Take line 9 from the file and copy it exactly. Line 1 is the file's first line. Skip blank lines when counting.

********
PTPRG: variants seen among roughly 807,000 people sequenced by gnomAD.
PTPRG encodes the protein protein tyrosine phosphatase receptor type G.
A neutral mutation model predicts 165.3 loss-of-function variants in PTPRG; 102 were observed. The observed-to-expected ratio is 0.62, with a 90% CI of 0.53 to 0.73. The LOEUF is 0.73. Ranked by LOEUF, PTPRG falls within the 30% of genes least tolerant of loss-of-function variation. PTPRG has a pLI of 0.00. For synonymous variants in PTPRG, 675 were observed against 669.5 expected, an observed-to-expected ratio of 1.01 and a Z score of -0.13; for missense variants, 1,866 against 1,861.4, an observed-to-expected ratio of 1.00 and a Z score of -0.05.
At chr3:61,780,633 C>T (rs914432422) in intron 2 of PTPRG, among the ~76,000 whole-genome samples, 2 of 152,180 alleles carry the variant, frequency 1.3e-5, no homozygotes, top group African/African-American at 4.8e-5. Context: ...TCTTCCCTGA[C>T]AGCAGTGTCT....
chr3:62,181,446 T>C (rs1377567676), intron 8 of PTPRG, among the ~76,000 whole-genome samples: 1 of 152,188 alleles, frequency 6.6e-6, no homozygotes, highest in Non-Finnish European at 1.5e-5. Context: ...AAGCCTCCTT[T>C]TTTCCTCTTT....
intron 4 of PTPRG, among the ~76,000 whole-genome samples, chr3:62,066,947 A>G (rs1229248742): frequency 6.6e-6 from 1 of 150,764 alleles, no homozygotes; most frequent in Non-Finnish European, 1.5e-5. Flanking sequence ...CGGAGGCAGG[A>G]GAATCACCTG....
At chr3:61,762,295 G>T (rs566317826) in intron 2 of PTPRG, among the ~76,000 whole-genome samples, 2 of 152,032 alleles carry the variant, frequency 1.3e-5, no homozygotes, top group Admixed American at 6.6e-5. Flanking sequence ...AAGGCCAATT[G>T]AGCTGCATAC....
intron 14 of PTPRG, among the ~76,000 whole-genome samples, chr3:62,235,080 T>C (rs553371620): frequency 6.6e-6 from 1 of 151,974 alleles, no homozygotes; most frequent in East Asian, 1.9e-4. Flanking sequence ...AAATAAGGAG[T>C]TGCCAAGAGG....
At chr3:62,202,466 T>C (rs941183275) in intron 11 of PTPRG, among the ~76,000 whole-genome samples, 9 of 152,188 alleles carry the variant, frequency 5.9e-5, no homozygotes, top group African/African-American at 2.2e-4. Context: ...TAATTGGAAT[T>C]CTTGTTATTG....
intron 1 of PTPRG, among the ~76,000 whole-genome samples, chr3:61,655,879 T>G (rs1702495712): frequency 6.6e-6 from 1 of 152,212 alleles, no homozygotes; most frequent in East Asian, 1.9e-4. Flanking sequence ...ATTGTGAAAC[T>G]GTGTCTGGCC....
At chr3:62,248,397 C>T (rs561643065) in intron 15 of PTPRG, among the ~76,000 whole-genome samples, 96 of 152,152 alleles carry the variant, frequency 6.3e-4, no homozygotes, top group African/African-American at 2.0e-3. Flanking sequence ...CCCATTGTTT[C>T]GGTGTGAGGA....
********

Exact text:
At chr3:62,202,466 T>C (rs941183275) in intron 11 of PTPRG, among the ~76,000 whole-genome samples, 9 of 152,188 alleles carry the variant, frequency 5.9e-5, no homozygotes, top group African/African-American at 2.2e-4. Context: ...TAATTGGAAT[T>C]CTTGTTATTG....